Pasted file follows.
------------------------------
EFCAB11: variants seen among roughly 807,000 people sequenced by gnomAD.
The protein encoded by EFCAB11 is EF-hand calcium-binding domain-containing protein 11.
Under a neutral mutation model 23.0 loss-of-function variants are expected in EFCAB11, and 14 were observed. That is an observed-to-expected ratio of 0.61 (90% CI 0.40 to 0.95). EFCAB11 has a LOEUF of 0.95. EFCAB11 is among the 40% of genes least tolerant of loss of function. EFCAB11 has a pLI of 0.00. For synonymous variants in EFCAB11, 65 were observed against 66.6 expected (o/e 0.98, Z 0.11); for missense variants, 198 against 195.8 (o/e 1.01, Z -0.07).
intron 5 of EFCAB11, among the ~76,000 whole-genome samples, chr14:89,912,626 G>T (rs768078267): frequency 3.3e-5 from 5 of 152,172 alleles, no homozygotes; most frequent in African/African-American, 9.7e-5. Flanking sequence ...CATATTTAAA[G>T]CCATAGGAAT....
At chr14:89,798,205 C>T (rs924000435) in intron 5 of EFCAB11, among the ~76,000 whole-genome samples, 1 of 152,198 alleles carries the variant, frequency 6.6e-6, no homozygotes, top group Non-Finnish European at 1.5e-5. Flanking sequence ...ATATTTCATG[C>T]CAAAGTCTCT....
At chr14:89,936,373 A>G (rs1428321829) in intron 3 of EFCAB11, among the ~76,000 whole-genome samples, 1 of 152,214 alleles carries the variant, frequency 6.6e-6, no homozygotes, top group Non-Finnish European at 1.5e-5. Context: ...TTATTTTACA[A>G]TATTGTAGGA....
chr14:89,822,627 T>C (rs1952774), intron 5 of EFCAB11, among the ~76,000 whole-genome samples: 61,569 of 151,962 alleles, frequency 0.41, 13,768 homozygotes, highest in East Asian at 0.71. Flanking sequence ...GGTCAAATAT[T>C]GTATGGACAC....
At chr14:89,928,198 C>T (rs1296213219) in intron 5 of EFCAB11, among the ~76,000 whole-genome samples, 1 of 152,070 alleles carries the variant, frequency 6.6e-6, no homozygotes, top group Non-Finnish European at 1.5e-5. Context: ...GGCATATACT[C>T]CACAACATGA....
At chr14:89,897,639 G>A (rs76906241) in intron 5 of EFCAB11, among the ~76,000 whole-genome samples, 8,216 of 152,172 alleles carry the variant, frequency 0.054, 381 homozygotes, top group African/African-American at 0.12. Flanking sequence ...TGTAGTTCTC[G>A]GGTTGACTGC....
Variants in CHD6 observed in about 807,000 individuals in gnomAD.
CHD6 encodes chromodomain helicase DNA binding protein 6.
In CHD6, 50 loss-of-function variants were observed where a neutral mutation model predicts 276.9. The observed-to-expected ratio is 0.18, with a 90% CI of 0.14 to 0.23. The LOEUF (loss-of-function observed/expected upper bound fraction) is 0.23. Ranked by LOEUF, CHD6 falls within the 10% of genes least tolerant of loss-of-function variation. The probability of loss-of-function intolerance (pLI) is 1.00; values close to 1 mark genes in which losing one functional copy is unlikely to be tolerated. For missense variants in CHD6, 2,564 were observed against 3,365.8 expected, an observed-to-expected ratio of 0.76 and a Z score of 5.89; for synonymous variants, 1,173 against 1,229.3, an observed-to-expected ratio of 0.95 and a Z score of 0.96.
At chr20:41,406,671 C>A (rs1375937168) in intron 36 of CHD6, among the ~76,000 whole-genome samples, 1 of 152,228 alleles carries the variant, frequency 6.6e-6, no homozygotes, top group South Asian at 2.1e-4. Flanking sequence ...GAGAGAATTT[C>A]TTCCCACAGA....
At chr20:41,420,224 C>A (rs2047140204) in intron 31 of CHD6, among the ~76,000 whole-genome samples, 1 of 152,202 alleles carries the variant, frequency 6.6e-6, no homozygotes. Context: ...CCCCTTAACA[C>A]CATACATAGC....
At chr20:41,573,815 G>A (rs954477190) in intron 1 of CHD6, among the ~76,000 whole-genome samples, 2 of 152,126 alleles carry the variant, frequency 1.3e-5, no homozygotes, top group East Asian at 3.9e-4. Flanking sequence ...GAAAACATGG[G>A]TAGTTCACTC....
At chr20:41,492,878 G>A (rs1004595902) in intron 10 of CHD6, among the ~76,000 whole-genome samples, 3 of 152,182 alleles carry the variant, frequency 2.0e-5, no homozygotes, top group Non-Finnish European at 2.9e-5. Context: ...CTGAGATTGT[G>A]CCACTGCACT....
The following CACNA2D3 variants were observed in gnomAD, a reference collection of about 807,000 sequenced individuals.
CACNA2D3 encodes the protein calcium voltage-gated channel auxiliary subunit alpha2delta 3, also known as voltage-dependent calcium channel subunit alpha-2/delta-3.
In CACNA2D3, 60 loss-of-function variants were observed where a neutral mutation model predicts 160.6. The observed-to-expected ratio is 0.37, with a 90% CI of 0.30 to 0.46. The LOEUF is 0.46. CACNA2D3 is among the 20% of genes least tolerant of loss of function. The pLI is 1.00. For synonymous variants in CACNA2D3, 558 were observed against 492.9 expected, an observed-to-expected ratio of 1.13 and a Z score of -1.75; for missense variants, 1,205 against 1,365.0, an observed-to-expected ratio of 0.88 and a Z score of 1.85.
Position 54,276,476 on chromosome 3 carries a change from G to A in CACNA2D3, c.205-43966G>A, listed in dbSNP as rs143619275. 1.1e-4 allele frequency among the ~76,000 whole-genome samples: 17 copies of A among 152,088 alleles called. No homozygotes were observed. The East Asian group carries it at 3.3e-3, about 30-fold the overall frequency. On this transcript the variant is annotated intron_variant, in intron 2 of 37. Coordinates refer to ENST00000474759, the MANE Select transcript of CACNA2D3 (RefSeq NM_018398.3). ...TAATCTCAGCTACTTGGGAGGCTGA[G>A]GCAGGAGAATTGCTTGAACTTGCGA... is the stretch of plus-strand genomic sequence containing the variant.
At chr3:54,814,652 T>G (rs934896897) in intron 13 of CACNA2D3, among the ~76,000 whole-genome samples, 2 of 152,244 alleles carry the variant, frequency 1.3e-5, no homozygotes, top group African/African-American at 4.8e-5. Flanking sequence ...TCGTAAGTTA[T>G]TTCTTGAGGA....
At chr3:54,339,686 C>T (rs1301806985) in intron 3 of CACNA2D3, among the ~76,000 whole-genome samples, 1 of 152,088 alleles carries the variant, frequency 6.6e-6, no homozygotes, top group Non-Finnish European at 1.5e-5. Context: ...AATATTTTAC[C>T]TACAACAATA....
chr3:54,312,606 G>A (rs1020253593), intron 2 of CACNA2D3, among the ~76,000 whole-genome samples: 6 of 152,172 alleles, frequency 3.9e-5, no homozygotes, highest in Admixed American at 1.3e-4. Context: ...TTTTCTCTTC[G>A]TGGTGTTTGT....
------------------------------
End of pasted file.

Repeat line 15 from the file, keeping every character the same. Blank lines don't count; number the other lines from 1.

At chr20:41,573,815 G>A (rs954477190) in intron 1 of CHD6, among the ~76,000 whole-genome samples, 2 of 152,126 alleles carry the variant, frequency 1.3e-5, no homozygotes, top group East Asian at 3.9e-4. Flanking sequence ...GAAAACATGG[G>A]TAGTTCACTC....